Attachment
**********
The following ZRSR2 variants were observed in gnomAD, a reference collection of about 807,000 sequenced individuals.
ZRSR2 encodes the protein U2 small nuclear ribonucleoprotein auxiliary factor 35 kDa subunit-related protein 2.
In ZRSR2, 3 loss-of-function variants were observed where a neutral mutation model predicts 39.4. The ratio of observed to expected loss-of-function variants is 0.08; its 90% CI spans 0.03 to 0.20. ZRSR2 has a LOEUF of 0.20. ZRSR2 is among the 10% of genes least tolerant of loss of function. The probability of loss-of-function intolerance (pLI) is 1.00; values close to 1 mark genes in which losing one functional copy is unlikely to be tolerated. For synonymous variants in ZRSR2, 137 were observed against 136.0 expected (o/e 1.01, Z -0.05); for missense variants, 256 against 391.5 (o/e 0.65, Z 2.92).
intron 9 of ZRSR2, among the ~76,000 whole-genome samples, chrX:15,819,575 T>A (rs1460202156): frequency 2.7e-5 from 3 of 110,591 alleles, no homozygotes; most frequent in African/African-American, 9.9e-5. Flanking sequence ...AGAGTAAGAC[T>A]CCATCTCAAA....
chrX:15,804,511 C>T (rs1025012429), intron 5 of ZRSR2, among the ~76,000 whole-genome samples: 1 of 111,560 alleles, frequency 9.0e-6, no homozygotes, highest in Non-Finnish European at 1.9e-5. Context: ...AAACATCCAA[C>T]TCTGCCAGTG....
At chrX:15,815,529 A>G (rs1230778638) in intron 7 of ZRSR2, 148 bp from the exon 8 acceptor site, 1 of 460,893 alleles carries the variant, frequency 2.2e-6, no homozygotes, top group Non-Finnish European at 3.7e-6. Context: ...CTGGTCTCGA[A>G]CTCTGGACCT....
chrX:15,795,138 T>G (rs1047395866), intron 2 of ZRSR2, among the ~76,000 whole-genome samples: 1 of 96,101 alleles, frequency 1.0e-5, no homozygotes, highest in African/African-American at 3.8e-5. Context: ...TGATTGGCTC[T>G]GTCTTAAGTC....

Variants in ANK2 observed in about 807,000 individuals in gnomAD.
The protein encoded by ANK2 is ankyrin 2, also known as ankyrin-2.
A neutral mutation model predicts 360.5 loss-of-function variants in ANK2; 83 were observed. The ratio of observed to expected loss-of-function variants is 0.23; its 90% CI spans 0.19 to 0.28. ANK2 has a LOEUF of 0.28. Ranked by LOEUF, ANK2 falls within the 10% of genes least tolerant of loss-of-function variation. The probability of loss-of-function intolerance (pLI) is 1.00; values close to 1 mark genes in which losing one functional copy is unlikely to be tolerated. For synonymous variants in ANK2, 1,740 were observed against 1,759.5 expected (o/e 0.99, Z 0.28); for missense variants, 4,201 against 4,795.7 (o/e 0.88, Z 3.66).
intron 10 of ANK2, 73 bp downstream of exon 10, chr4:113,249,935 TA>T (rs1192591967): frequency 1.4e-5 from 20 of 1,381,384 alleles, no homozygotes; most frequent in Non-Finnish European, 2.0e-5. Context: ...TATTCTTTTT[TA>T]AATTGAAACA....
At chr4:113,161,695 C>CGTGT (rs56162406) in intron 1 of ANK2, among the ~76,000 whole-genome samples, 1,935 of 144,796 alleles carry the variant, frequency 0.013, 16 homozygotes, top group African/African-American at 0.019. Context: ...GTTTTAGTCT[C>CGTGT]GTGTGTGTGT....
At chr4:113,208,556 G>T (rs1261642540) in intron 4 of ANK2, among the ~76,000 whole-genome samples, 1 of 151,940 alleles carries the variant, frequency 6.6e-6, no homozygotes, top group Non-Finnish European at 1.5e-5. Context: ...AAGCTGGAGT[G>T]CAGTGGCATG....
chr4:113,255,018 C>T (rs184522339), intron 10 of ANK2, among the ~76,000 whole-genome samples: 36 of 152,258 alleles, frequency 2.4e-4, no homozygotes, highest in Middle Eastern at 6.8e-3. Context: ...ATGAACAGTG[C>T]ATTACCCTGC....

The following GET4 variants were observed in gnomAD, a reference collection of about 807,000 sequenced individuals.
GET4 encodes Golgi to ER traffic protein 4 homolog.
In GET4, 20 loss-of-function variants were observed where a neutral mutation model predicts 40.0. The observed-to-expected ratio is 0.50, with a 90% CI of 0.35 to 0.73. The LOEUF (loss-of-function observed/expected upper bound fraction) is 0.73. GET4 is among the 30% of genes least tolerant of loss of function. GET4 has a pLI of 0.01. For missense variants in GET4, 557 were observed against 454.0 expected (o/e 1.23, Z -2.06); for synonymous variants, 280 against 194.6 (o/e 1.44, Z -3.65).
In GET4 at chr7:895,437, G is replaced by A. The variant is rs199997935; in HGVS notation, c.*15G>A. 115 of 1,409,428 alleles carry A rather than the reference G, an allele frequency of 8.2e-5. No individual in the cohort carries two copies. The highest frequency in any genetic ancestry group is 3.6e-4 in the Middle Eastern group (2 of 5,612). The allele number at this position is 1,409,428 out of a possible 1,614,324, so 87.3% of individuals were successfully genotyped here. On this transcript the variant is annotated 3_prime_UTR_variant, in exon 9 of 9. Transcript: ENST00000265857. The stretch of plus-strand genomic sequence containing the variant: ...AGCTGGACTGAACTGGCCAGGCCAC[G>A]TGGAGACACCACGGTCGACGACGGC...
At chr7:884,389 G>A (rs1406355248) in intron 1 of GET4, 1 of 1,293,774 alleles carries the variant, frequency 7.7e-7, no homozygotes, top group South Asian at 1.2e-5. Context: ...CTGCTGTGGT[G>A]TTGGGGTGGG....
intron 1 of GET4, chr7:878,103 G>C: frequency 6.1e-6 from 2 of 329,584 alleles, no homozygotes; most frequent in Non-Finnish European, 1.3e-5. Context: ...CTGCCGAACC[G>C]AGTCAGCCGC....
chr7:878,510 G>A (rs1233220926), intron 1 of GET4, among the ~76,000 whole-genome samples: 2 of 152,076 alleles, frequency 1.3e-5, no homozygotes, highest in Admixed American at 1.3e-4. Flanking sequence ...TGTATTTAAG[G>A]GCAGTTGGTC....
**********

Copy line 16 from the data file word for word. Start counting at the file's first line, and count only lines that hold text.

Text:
GET4 encodes Golgi to ER traffic protein 4 homolog.